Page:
**Nowadays, ni isn't used very much as formal sing. We usually
address everybody with du.
The Swedish nouns are divided into two genders, neuters (n) and common genders (r). In most cases, you can't tell whether a noun is a neuter or a common gender. You'll simply have to memorize the gender for each noun you learn. However, there are a few rules, with help of which you'll easier remember it. One of them tells that all nouns having to do with people or professions are common gender.
Neuters use the indefinite article ett and common genders use en. The pronoun det (it) is similarly used for neuters and den (it too) is used for common genders.
That's it, what could you do now?
God morgon, en penna tack! Hej då
Not much but you would be perfectly understood! If you want to produce
more advanced sentences, you have to learn some verbs.
Verbs are the key to every language. Just by mentioning äta you will be understood. (You wouldn't be looked upon as a very intelligent person though.)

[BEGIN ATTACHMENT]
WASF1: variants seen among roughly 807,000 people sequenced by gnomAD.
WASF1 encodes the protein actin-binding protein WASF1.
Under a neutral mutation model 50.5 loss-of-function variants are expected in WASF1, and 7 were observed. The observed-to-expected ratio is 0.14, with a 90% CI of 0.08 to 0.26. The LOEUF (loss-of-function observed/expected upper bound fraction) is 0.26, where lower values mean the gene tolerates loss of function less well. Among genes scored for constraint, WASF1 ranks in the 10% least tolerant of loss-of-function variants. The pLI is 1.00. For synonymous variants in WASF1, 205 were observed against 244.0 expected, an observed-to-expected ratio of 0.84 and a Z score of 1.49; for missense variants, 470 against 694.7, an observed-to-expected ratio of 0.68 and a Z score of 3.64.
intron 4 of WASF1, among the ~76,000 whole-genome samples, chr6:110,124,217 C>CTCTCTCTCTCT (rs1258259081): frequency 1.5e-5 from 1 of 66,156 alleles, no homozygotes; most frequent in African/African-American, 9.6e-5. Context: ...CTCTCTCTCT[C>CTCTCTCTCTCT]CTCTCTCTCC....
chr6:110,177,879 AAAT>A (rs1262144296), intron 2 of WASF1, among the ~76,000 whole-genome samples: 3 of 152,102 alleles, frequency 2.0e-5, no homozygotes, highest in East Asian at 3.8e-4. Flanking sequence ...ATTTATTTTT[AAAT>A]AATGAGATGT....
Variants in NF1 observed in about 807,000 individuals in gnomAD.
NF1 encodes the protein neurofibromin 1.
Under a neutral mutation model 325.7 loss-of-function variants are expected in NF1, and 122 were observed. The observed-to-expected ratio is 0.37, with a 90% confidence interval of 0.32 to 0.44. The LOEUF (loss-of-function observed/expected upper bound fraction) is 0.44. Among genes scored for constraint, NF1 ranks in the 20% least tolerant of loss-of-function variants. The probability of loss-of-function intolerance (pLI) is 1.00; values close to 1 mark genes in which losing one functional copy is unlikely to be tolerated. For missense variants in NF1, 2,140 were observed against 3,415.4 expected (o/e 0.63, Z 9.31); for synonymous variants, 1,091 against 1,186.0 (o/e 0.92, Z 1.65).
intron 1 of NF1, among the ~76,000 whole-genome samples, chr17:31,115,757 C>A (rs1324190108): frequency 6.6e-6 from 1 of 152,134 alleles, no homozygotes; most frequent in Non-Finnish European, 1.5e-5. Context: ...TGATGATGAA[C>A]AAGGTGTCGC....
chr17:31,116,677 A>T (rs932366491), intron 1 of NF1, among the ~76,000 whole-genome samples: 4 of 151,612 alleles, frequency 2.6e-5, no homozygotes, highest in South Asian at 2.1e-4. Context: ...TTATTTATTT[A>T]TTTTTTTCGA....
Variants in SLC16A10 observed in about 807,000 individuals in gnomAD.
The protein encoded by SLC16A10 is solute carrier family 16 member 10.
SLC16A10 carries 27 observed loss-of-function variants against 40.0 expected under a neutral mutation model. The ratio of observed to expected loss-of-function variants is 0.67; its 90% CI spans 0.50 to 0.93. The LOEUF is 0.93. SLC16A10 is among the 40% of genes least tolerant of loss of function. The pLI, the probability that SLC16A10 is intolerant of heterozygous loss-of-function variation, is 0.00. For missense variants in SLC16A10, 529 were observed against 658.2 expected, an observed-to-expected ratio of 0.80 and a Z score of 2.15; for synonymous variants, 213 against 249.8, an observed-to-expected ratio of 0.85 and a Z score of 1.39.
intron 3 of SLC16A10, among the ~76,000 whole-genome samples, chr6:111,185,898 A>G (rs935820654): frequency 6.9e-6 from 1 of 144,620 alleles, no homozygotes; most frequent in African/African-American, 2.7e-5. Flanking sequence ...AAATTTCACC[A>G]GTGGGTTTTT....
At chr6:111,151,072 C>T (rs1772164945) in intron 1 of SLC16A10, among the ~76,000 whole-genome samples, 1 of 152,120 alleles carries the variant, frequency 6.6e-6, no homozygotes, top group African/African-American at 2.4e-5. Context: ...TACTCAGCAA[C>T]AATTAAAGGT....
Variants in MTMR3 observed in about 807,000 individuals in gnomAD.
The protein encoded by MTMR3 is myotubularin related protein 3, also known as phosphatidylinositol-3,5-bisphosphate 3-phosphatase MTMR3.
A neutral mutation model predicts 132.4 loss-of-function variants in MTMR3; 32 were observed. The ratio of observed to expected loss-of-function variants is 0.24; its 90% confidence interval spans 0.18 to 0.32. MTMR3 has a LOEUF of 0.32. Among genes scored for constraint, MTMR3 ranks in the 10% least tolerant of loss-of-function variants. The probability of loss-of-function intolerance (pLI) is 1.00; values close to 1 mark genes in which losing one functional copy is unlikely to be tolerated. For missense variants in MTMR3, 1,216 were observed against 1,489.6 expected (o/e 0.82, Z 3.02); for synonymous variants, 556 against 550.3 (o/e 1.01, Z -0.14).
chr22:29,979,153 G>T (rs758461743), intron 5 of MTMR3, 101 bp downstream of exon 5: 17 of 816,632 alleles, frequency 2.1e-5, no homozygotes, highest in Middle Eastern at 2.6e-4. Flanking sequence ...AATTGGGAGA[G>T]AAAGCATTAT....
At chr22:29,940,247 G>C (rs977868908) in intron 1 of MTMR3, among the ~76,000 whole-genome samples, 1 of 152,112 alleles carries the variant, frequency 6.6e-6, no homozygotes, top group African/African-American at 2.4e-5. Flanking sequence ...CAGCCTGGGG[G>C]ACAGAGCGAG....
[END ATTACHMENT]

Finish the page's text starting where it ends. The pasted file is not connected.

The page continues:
In Swedish, a verb employs the same form in all persons, whereas English for example uses different forms for different persons. Thus, the verb vara conjugates as follows in the present tense:
As you can see, this is very easy. Therefore you only have to learn one form for every verb in each tense.
Most Swedish verbs are regular, but the most frequently used are irregular.
Regular verbs, infinitive and present tense
All polysyllabic Swedish verbs end with an a in the infinitive. (Others, those of one syllable end with any vowel.) There are two conjugations of regular verbs - group 1 adding an r to the stem in the present tense and group two adding er to the stem. The Swedish word corresponding to the English to in to go for example is att.
And as I said before, the verbs conjugate in the same way in all persons.
Almost all irregular verbs form their present tense as does groupe 2.
skriva (to write)
se (to see)
Tala (1) = [*ta:la], Talar = [*ta:lar]
Köpa (2) = [*kö:pa], Köper = ['kö:per]
Skriva (i) = [*skri:va], Skriver = ['skri:ver]
Diskutera (1) = [disku:'te:ra], Diskuterar = [disku:'te:rar] (diskutera = discuss)
Now that you know some verbs and nouns, you could construct more advanced sentences such as
Jag heter Björn Engdahl = My name is Björn Engdahl
A boy writes a postcard
Any opinions, comments, corrections are welcome to this address:
Copyright Björn Engdahl 2008